- States are encouraged to facilitate clinically appropriate care within the Medicaid program using telehealth technology to deliver services covered under the State plan.
- States have a great deal of flexibility with respect to covering Medicaid services provided via telehealth.
- States are not required to submit a State plan amendment (SPA) to pay for telehealth services if payments for services furnished via telehealth are made in the same manner as when the service is furnished in a face-to-face setting.
- A state would need an approved State plan payment methodology (and thus, might need to submit a SPA) to establish rates or payment methodologies for telehealth services that differ from those applicable for the same services furnished in a face-to-face setting.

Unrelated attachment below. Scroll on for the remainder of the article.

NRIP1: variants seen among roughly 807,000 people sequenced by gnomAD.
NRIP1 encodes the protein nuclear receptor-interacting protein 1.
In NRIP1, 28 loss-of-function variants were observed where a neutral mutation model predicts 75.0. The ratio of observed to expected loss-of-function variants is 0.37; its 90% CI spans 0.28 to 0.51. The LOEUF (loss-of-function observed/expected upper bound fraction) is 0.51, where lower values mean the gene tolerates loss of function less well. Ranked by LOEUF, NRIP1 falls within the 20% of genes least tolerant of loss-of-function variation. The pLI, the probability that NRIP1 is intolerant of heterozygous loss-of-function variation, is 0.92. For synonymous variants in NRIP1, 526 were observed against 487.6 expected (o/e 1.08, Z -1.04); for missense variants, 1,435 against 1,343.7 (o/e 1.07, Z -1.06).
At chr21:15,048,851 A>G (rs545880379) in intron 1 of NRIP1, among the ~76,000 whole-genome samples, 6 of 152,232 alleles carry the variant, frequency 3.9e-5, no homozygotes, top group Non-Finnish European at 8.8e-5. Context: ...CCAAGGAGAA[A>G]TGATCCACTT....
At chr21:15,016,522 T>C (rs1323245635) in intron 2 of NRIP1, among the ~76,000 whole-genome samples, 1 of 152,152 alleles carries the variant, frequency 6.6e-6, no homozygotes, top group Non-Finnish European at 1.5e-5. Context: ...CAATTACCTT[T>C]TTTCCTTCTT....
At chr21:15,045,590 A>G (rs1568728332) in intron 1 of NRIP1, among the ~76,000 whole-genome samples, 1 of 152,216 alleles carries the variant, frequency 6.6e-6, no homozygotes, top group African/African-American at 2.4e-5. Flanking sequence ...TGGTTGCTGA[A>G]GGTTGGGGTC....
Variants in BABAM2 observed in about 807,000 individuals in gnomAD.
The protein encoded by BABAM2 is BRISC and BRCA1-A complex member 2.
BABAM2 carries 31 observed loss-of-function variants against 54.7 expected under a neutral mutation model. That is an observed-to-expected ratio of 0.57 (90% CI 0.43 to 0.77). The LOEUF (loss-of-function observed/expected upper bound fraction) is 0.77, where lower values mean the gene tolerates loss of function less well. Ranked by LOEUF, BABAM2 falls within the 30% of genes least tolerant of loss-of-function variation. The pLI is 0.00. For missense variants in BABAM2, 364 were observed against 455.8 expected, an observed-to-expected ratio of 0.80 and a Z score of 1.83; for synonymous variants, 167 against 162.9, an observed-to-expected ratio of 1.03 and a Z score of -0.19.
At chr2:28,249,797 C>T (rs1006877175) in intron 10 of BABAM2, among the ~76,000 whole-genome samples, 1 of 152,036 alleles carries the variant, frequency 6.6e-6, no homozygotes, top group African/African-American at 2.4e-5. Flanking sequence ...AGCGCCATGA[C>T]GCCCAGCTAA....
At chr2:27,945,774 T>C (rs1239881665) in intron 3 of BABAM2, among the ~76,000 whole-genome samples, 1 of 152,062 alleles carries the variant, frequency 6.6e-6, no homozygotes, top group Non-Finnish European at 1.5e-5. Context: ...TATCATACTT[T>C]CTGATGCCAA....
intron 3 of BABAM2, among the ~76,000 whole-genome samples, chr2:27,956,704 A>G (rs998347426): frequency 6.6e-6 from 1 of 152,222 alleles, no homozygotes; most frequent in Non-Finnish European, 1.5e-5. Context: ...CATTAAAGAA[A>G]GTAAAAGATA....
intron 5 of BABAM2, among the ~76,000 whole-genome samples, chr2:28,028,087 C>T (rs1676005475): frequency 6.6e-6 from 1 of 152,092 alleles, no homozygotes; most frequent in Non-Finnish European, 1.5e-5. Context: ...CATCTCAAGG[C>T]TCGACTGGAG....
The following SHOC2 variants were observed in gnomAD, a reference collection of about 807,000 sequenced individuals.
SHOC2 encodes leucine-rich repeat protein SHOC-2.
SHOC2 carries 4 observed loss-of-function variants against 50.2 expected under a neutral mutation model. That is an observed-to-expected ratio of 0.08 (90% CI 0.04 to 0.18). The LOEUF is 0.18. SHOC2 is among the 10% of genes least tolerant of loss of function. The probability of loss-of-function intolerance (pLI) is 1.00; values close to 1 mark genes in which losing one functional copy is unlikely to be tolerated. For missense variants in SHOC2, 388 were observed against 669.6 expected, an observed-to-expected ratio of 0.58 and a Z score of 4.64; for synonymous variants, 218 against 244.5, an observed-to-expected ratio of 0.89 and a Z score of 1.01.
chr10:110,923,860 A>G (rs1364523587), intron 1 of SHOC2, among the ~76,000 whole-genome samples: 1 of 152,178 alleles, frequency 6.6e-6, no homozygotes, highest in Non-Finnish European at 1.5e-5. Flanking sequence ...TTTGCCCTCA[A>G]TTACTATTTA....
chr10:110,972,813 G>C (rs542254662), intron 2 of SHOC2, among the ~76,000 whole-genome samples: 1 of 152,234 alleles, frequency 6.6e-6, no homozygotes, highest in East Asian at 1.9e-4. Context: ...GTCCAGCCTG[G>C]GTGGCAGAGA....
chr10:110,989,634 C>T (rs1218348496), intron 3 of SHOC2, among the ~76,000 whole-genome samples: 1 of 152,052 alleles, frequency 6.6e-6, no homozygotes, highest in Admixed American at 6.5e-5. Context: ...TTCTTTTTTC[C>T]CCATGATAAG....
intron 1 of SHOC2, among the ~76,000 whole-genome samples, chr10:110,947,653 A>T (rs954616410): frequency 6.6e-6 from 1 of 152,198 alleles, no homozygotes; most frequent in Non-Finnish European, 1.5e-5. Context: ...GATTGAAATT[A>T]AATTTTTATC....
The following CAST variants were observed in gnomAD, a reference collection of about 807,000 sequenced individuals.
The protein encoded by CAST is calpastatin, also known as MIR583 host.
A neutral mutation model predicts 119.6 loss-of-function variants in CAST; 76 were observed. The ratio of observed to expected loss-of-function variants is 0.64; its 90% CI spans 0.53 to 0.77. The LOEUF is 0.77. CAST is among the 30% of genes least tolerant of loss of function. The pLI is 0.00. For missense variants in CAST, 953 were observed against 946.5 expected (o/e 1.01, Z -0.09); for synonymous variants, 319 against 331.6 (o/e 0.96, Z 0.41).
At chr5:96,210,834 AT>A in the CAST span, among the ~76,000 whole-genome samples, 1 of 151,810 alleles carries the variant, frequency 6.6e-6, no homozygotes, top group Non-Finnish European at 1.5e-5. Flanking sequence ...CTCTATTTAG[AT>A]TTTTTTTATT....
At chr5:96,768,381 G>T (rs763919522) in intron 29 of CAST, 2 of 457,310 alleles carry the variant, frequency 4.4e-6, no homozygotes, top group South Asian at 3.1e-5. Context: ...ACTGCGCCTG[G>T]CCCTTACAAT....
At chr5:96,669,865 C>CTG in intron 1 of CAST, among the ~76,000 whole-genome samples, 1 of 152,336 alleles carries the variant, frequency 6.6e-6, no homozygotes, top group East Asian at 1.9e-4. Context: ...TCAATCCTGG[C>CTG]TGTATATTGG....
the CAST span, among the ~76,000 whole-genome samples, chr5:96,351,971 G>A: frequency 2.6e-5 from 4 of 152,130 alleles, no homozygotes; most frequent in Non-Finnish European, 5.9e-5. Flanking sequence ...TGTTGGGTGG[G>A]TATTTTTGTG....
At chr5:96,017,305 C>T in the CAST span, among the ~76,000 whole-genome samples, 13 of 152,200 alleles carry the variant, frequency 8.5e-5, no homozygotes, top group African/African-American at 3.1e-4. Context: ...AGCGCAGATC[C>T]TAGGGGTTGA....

- States may pay a qualified physician or other licensed practitioner at the distant site (the billing provider) and the state’s payment methodology may include costs associated with the time and resources spent facilitating care at the originating site. The billing provider may distribute the payment to the distant and originating sites.
- Medicaid guidelines require all providers to practice within the scope of their State Practice Act. States should follow their state plan regarding payment to qualified Medicaid providers for telehealth services.
- States may also pay for appropriate ancillary costs, such as technical support, transmission charges, and equipment necessary for the delivery of telehealth services. A state would need an approved State plan payment methodology that specifies the ancillary costs and circumstances when those costs are payable.
- States are encouraged to reach out to their state lead as soon as possible if they are interested in submitting a state plan amendment.